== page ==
In a rather unfocussed way I’ve been tuning in and out of the discussion unfolding about poverty in the UK. I briefly read the paper produced by the Centre for Social Justice which deals with a specific issue of whether we should redefine the meaning of poverty since there will always be people in society with more or less money, and income inequality is not the same as poverty. This debate leads into the more general discussion of relative and absolute poverty: an obvious example is the difference between the poverty experienced by one person in the UK relative to the rest of the population (and in the context of a welfare state) in which their income is lower than a specific percentage amount of the average income versus the absolute level of poverty of a person who has nothing and can afford nothing.
I have just two thoughts about this:
The first is that I have been struck by what I can only describe as a lack of care or empathy in some responses to the issue. ‘Just get a job’ is an oft quoted comment, which regardless of whether having an income can lift you out of poverty, seems to lack a connection or insight into the human plight. My religious tradition teaches me that even the slightest injustice experienced anywhere in society, or even in our global village, is something that ripples through and has an effect on us all – even, for those who believe, affecting God.
“Is this the fast I desire, A day for men to starve their bodies?…No, this is the fast I desire: to unlock the fetters of wickedness, and untie the cords of the yoke, to let the oppressed go free; to break of every yoke. It is to share your bread with the hungry, and to take the wretched poor into your home; when you see the naked, to clothe him, and not to ignore your own kin.” (Isaiah 58:5-7)
Or Ezekiel’s words: “If a person has not wronged anyone; if he has returned the debtor’s pledge to him and has taken nothing by robbery; if he has given bread to the hungry and clothed the naked; if he has not lent at advance interest or exacted accrued interest; if he has abstained from wrongdoing and executed true justice between person and person; if he has followed My laws and kept My rules and acted honestly – he is righteous.” (Ezekiel 18:7-9)
“The emphasis which the Prophets put on the collective life of human societies does not exclude appreciation for the high significance of the individual in relation to God; and their concern for the spiritual and moral life of the individual does not ignore, or push aside, the moral value in the collective life of society…The law fuses the individual and the community into a moral unity. The dichotomy, individual and society, is dissolved under the dominion of the law of God. It commands respect for the life, dignity and rights of human being; it imposes social duties on individuals. Under the moral law, individual righteousness and social justice work together to give the individual his rights and society its righteousness.” (The Thought of the Prophets, p. 91).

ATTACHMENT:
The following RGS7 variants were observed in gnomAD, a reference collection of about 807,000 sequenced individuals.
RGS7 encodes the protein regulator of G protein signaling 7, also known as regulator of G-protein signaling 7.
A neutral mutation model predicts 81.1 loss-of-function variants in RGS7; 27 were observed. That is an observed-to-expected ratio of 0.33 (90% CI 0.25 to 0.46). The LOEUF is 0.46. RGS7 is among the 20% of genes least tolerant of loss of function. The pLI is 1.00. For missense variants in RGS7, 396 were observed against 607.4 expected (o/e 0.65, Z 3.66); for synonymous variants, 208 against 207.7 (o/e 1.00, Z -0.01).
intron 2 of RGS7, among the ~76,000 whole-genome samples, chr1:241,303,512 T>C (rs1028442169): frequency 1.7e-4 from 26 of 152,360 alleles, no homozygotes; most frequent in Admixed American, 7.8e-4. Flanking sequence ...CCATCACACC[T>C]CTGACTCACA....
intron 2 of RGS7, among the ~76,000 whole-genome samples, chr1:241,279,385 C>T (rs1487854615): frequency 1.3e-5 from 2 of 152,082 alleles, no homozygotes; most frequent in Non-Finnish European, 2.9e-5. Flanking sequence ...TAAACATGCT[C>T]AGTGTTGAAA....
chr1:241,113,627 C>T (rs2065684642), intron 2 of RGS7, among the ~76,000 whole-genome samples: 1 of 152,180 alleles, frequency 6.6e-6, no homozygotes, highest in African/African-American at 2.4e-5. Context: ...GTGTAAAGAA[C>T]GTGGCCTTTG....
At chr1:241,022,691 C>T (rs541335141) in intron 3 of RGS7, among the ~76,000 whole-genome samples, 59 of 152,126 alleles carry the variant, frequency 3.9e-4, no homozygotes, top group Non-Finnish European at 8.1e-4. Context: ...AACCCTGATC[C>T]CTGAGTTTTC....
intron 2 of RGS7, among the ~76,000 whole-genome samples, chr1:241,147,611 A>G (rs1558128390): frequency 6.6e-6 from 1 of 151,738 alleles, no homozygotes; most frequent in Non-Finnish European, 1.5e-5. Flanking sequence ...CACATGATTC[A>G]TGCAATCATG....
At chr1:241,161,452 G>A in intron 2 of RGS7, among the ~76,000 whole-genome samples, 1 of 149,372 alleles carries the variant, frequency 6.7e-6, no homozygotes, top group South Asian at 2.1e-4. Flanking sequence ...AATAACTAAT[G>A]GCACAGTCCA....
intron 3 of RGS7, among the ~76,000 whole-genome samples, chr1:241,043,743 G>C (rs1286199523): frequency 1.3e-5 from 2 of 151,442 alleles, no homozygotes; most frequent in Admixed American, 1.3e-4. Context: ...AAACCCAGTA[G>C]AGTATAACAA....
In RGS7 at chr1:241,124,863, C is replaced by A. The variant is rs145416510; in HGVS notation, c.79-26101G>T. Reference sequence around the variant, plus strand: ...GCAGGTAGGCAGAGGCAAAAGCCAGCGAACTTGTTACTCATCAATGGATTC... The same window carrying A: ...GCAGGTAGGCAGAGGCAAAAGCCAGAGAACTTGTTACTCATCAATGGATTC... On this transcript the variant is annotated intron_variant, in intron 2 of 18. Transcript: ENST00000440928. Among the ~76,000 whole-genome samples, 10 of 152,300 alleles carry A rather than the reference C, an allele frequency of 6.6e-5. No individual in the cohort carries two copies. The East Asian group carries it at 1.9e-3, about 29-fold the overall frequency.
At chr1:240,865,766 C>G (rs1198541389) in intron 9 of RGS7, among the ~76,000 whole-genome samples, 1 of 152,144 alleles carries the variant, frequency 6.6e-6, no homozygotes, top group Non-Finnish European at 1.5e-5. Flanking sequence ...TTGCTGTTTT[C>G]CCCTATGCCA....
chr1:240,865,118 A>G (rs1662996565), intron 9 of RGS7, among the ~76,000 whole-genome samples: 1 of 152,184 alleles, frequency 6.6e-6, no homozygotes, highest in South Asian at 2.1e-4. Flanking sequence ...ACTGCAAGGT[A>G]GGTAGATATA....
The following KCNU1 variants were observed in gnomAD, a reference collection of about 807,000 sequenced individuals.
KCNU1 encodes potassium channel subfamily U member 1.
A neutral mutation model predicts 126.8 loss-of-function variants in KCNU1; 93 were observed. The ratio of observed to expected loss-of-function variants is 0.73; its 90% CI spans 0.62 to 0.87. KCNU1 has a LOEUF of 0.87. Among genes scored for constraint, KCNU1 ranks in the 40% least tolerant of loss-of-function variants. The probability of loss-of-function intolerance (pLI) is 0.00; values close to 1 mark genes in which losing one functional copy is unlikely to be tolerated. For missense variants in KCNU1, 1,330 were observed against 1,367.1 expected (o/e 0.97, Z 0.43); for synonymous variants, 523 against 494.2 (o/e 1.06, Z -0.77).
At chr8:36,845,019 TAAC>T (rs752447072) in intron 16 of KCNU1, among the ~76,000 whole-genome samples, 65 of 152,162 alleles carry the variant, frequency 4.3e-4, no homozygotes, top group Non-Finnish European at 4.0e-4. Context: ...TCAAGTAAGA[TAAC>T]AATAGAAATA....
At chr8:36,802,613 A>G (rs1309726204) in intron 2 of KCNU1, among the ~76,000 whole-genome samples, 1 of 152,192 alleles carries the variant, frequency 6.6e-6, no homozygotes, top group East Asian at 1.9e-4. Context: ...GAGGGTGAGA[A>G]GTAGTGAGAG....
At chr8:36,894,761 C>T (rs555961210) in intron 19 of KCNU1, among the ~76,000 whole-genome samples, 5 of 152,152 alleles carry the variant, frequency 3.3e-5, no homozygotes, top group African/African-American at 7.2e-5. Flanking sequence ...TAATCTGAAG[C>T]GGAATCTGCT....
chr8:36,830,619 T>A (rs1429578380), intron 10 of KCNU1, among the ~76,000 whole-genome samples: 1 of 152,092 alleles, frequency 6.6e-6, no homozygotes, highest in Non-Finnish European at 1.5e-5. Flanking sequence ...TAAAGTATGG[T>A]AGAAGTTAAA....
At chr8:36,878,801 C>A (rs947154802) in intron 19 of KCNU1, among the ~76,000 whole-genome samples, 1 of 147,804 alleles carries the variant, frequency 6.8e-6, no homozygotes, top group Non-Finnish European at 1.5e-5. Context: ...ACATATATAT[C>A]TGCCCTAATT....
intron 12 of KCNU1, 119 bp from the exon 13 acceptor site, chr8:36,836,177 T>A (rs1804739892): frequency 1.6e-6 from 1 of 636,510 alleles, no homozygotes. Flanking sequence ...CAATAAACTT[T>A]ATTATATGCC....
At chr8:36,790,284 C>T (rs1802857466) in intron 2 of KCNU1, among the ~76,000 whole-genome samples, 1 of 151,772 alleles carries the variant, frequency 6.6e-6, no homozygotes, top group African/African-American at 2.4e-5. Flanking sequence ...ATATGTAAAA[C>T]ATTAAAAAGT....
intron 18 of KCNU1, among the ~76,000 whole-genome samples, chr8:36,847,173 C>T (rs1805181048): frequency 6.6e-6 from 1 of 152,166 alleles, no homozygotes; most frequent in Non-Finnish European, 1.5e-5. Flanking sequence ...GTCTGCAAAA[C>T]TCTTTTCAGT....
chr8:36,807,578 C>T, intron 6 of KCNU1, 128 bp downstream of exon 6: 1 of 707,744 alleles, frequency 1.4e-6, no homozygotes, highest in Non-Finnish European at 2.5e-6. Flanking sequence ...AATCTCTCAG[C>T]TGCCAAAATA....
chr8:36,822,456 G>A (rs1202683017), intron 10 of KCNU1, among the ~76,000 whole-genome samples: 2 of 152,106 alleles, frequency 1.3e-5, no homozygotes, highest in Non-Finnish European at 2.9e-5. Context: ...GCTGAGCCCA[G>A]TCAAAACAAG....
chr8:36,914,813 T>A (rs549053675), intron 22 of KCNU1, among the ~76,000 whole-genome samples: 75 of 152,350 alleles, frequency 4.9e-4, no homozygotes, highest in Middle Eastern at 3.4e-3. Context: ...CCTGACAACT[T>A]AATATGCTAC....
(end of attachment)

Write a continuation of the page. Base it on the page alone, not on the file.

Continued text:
Or as Rabbi Abraham Joshua Heschel writes, after emphasising individual responsibility:
“Above all, the prophets remind us of the moral state of a people: Few are guilty, but all are responsible. If we admit that the individual is in some measure conditioned or affected by the spirit of society, an individual’s crime discloses society’s corruption. In a community not indifferent to suffering, uncompromisingly impatient with cruelty and falsehood, continually concerned for God and every man, crime would be infrequent rather than common.” (The Prophets, Vol I, p.16)
Therefore, it is my contention that the voice of religious communities today should be unequivocal in their concern with even the smallest injustice and for the well-being of all in society. There is no reason to adopt a political party line on these matters, but rather to be a consistent and vociferous voice on the side of the human experience of hardship – even down to a single individual. It is not just the religious communities but everyone who must make a concerted effort to show that it is the minority who are unmoved by the plight of individuals and dismissive of their very real challenges.